MHS Should Bring An End to Routine Assigned Seating

While assigned seating is warranted in certain circumstances, high schoolers should be entrusted with greater independence.


Photo Courtesy of Fatimah Khan

The dreaded seating chart that dictates students assigned seat placements.

Thomas Gelles, Op-Ed Page Editor

It is the beginning of September, and a new school year beckons. You arrive in class, excited to see your friends and sit next to them. But suddenly, everyone is seated according to the teacher’s seating chart. Maybe the seating chart follows an alphabetical scheme; maybe it was constructed based on the movement of the stars in the sixteenth century. But whatever the rationale for the chart’s organization, its consequences are obvious. You will not be doing classroom group work with your friends. Perhaps in the context of an especially anxiety-producing class, you will not have the easy reassurance of a nearby friend’s glance. Your life has just become that much more unsettled.
With COVID-19 numbers rising, now is not the time to forgo assigned seating. Darren Bosch, an MHS English teacher explains, “Over the last year, this has been required so that COVID contact tracing can be done. When a student or teacher tests positive, we need to know who was sitting next to that student and for how long.”
Of course, assigned seating occasionally occurred before COVID-19 appeared, and some of it will have to continue after the pandemic ends. For example, some students may need to sit closer to the front of the room so they can adequately see the board or hear the teacher. Mr. Bosch adds, “Teachers are also often required to seat students in specific locations as specified on the students’ learning plans.” Assigned seating that occurs for such reasons is done on an individual basis in response to a particular student’s needs.
In a pre- and post-COVID world, assigned seating makes more sense in elementary and middle school. Younger children are less likely to be able to follow directions and pay attention if given the choice to sit next to their friends. They can be easily distracted, and placing their friends within arm’s reach may be more of a temptation than they can resist. But routine assigned seating in high school? It is almost insulting to feel that we might be preemptively regarded by some teachers as problems that have to be solved.
Of course, not all MHS students resent assigned seating. Some even like it. Rohan Gupta (‘23) appreciates that assigned seating can thwart students who might otherwise disrupt the class by talking with their friends. He also notes that “assigned seating allows you to meet and interact with more people from different backgrounds.” A final point he makes is that with assigned seating, “students without friends don’t feel left out.” Gupta is thus asserting that assigned seating can create an atmosphere of openness and inclusiveness. These are valid merits of assigned seating, but perhaps there are other ways for teachers to bring about those results. For example, maybe some, but not all, group projects could be assigned to sets of students that are selected by the teacher. But mandating assigned seats for each class day seems like an excessive measure to encourage friendliness.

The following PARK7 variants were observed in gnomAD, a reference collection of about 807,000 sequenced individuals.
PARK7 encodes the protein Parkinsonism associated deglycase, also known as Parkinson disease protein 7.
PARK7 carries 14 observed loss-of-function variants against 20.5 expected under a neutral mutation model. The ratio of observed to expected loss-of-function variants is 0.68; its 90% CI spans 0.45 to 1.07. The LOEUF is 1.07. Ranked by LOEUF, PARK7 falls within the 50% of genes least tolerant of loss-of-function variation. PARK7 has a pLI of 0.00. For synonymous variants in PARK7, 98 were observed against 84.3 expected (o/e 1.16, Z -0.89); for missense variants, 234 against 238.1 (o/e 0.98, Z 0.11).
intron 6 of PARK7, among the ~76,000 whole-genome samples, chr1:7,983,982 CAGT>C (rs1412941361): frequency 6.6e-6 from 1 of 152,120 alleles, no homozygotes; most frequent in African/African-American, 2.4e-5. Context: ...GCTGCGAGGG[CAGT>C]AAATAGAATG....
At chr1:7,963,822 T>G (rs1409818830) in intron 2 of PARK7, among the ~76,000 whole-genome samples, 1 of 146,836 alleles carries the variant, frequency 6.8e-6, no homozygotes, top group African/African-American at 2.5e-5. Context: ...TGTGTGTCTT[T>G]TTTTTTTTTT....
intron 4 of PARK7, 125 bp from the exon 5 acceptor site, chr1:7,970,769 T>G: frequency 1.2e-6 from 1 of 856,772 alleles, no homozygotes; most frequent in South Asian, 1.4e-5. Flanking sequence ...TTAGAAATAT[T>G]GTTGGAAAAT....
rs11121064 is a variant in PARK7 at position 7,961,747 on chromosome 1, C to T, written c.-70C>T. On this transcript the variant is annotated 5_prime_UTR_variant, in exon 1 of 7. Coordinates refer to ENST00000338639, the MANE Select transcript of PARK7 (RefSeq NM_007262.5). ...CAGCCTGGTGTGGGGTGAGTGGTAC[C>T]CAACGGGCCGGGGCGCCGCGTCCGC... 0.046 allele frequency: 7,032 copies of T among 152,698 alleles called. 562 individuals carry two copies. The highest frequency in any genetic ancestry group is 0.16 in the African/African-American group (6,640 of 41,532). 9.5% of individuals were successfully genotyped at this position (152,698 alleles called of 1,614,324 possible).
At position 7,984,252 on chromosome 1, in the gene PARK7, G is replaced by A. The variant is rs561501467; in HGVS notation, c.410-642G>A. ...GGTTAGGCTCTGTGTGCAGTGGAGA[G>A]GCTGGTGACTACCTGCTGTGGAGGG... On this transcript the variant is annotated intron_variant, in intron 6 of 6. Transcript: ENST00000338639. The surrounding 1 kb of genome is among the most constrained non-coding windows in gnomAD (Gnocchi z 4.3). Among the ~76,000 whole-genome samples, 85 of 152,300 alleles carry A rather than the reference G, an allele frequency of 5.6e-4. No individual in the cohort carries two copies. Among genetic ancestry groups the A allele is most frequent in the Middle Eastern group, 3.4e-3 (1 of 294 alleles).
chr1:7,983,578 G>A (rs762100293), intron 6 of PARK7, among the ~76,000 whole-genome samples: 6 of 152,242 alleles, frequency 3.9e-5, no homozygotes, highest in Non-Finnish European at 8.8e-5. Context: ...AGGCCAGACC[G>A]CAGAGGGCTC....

Rowel Jimenez (‘23) sees the value of a hybrid approach. He says it could be useful to “have teachers pick people and see how … [the] dynamics go [between group members]. If they wind up working well together, then they will pair themselves with each other when given the option next time.” Jimenez himself does not mind being assigned into particular groups, “because I like talking to new people when given an introduction.”
I agree that under certain circumstances, assigned seating is warranted. But even so, one solution for that difficulty could be for teachers to assign, say, alphabetical seating for the first couple of weeks of the year, and then revert to a policy of allowing students to choose their seats. In the long run, it is simply more respectful of students for teachers to allow them to sit where they like, and work with whomever they like. Then, if a particular student abuses that privilege, that student’s right to sit where they prefer could be revoked for the rest of the marking period.
We all have a tendency to live up to, or live down to, expectations. In the future, maybe if teachers do not start out non-COVID-defined school years with routine assigned seating, then students will be more likely to show themselves deserving of greater independence throughout the year. For both students and teachers, this would be an outcome to celebrate.